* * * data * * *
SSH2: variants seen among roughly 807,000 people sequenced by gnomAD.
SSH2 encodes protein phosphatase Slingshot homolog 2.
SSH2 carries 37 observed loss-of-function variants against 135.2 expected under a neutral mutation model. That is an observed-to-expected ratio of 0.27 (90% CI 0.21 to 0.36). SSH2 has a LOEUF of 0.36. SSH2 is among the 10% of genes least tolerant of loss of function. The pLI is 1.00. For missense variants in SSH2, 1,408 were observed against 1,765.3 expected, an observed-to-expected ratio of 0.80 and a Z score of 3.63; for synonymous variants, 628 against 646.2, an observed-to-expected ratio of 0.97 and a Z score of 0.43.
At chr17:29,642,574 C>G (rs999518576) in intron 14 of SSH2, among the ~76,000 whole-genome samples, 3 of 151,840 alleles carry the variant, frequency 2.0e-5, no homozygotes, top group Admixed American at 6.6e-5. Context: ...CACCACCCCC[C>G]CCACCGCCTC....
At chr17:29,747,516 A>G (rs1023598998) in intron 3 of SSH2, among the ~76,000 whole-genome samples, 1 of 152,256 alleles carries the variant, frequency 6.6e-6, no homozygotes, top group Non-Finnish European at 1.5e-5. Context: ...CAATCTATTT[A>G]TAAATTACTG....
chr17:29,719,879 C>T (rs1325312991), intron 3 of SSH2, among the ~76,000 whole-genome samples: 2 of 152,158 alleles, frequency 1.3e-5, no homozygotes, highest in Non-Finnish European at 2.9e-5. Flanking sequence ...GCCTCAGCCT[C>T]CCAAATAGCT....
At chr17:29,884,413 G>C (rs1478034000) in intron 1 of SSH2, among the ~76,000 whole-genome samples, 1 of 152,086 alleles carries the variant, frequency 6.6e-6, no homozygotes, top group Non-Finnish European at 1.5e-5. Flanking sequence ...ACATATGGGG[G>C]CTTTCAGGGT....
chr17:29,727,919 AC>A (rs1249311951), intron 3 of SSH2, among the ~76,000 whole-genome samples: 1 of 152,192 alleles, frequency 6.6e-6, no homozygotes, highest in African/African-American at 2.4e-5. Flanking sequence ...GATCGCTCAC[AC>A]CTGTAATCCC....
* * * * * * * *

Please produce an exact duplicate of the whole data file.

SSH2: variants seen among roughly 807,000 people sequenced by gnomAD.
SSH2 encodes protein phosphatase Slingshot homolog 2.
SSH2 carries 37 observed loss-of-function variants against 135.2 expected under a neutral mutation model. That is an observed-to-expected ratio of 0.27 (90% CI 0.21 to 0.36). SSH2 has a LOEUF of 0.36. SSH2 is among the 10% of genes least tolerant of loss of function. The pLI is 1.00. For missense variants in SSH2, 1,408 were observed against 1,765.3 expected, an observed-to-expected ratio of 0.80 and a Z score of 3.63; for synonymous variants, 628 against 646.2, an observed-to-expected ratio of 0.97 and a Z score of 0.43.
At chr17:29,642,574 C>G (rs999518576) in intron 14 of SSH2, among the ~76,000 whole-genome samples, 3 of 151,840 alleles carry the variant, frequency 2.0e-5, no homozygotes, top group Admixed American at 6.6e-5. Context: ...CACCACCCCC[C>G]CCACCGCCTC....
At chr17:29,747,516 A>G (rs1023598998) in intron 3 of SSH2, among the ~76,000 whole-genome samples, 1 of 152,256 alleles carries the variant, frequency 6.6e-6, no homozygotes, top group Non-Finnish European at 1.5e-5. Context: ...CAATCTATTT[A>G]TAAATTACTG....
chr17:29,719,879 C>T (rs1325312991), intron 3 of SSH2, among the ~76,000 whole-genome samples: 2 of 152,158 alleles, frequency 1.3e-5, no homozygotes, highest in Non-Finnish European at 2.9e-5. Flanking sequence ...GCCTCAGCCT[C>T]CCAAATAGCT....
At chr17:29,884,413 G>C (rs1478034000) in intron 1 of SSH2, among the ~76,000 whole-genome samples, 1 of 152,086 alleles carries the variant, frequency 6.6e-6, no homozygotes, top group Non-Finnish European at 1.5e-5. Flanking sequence ...ACATATGGGG[G>C]CTTTCAGGGT....
chr17:29,727,919 AC>A (rs1249311951), intron 3 of SSH2, among the ~76,000 whole-genome samples: 1 of 152,192 alleles, frequency 6.6e-6, no homozygotes, highest in African/African-American at 2.4e-5. Flanking sequence ...GATCGCTCAC[AC>A]CTGTAATCCC....